To allow buyers to do barrier-free business across borders, the Canton Fair is introducing a wide range of supporting services, such as professional settlements, financing to insurance, logistic support for transportation, inspection to quality certification, as well as online customs support and policy interpretation.

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Google Earth adds time lapse video to depict climate change

Associated Press

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Google Earth adds time lapse video to depict climate change

The Google Earth app is adding a new video feature that draws upon nearly four decades of satellite imagery to vividly illustrate how climate change has affected glaciers, beaches, forests and other places around the world.

The tool unveiled Thursday is rolling out in what is being billed as the biggest update to Google Earth in five years. Google says it undertook the complex project in partnership with several government agencies, including NASA in the U.S. and its European counterpart, in hopes that it will help a mass audience grasp the sometimes abstract concept of climate change in more tangible terms through its free Earth app.

Cornell University climate scientist Natalie Mahowald believes that mission may be accomplished.

“This is amazing,” she told The Associated Press after watching a preview of the new feature. “Trying to get people to understand the scope of the climate change and the land use problem is so difficult because of the long time and spatial scales. I would not be surprised if this one bit of software changes many people’s minds about the scale of the impact of humans on the environment.”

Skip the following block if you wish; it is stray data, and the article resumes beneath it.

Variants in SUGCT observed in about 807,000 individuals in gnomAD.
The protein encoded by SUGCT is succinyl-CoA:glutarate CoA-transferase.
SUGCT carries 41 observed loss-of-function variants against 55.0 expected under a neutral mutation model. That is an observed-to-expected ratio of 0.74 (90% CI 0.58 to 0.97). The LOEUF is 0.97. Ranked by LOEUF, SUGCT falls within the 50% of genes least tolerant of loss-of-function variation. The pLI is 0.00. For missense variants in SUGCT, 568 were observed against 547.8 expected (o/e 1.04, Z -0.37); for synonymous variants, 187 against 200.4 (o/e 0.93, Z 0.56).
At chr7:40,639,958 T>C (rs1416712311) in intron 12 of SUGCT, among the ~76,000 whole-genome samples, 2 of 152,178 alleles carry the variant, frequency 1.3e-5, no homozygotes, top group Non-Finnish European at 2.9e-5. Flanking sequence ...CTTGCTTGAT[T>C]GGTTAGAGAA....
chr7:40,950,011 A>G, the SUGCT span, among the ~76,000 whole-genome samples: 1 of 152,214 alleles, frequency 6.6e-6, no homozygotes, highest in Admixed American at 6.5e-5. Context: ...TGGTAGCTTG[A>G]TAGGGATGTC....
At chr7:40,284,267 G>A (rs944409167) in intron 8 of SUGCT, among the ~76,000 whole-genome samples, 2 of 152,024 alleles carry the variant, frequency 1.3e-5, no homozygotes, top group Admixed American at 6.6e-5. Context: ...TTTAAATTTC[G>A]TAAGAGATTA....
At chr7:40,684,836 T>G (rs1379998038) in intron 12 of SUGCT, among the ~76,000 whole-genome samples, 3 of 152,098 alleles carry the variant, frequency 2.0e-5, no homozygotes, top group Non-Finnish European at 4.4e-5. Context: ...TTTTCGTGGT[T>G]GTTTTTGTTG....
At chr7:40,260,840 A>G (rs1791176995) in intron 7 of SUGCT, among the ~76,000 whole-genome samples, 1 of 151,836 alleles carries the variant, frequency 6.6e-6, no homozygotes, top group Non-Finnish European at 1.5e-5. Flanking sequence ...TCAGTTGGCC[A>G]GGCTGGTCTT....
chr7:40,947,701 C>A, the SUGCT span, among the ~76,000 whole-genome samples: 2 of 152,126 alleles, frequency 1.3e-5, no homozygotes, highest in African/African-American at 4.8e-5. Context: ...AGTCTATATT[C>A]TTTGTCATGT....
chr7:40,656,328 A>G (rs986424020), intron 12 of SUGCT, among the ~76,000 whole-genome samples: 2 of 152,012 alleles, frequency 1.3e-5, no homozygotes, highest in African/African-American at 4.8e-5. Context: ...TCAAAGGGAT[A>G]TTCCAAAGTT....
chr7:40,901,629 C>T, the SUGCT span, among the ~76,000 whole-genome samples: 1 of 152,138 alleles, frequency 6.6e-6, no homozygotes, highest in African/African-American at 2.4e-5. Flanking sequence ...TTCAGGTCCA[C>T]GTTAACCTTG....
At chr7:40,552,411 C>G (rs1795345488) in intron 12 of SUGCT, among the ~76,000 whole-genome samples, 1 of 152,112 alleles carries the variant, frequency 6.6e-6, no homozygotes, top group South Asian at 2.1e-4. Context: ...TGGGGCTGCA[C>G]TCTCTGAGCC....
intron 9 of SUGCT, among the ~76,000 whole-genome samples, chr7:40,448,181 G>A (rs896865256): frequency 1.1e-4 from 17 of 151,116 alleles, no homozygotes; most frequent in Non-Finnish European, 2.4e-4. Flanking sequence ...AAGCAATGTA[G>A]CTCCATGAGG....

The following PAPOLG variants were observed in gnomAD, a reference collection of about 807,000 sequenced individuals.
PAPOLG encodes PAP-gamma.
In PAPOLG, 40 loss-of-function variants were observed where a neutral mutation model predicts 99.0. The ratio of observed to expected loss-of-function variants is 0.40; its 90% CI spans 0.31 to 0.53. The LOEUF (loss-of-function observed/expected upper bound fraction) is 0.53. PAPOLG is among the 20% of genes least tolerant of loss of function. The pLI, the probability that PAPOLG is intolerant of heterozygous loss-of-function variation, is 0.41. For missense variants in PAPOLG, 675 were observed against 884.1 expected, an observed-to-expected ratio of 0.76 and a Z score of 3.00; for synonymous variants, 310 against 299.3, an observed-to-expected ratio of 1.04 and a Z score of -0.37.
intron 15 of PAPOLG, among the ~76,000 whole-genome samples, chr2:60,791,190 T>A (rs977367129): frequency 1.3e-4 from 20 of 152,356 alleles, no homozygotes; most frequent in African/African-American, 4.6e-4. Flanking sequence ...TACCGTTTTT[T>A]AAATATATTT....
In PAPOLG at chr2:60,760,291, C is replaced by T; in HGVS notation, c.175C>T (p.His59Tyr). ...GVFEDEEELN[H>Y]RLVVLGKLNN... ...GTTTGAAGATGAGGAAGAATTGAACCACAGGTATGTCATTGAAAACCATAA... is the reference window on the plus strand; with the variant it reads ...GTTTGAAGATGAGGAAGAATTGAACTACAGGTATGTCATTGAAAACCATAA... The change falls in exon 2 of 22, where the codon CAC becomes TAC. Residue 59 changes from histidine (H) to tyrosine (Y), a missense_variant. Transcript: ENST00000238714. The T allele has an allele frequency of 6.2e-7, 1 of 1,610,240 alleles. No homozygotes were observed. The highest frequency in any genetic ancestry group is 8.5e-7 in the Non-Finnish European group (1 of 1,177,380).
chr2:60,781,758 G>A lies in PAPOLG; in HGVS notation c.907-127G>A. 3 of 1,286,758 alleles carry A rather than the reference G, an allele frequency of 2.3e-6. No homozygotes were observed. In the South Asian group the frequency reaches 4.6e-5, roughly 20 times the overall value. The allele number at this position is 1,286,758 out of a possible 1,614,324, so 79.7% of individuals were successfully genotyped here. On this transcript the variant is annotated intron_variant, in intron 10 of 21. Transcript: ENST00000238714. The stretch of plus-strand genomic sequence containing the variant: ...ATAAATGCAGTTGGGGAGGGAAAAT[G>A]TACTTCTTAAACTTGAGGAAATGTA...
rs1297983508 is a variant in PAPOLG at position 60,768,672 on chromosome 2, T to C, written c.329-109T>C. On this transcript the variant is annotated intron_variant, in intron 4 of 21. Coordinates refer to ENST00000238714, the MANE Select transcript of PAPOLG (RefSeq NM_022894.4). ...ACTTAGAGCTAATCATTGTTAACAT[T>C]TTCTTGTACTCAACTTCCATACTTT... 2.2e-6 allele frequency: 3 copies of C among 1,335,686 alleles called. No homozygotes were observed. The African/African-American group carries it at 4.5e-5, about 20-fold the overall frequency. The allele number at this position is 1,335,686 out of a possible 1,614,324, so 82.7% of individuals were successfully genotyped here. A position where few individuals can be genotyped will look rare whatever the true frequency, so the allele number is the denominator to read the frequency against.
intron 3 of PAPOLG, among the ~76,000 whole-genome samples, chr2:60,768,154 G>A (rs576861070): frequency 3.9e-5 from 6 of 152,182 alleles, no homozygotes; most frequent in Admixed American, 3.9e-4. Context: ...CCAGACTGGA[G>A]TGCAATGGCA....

This isn’t the first time time-lapse satellite imagery has been used to demonstrate show how parts of the world are changing before our eyes due to a changing climate. Most scientists agree that climate change is being driven by pollution primarily produced by humans.

But earlier images have mostly focused on melting glaciers and haven’t been widely available on an already popular app like Google Earth, which can be downloaded on most of the more than 3 billion smartphones now in use around the world

Google is promising that people will be able to see a time lapse presentation of just about anywhere they want to search. The feature also includes a storytelling mode highlighting 800 different places on the planet in both 2D and 3D formats. Those videos also will be available on Google’s YouTube video site, a service more widely used than the Earth app.

The feature was created from 24 million satellite images taken every year from 1984 to 2020 and provided by NASA, the U.S. Geological Survey and the European Union, according to Google. The time lapse technology was created with the help of Carnegie Mellon University.

Google plans to update the time lapse imagery at least once a year.


SAN RAMON, Calif. (AP) — By MICHAEL LIEDTKE AP Technology Writer

AP Science Writer Seth Borenstein contributed to this story from Washington.